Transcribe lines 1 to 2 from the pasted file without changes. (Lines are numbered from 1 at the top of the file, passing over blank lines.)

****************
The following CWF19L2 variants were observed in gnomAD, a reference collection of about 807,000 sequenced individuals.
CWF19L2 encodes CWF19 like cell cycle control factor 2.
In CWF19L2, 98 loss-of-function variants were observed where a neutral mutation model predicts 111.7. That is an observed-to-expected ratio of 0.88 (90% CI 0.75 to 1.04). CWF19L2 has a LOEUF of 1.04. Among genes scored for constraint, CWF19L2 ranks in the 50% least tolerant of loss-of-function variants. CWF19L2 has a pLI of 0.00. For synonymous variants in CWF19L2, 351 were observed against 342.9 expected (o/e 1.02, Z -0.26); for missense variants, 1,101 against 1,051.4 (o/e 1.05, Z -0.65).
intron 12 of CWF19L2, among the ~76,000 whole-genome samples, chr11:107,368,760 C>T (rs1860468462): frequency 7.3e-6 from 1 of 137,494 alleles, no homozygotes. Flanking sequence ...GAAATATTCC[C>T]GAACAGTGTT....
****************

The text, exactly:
The following CWF19L2 variants were observed in gnomAD, a reference collection of about 807,000 sequenced individuals.
CWF19L2 encodes CWF19 like cell cycle control factor 2.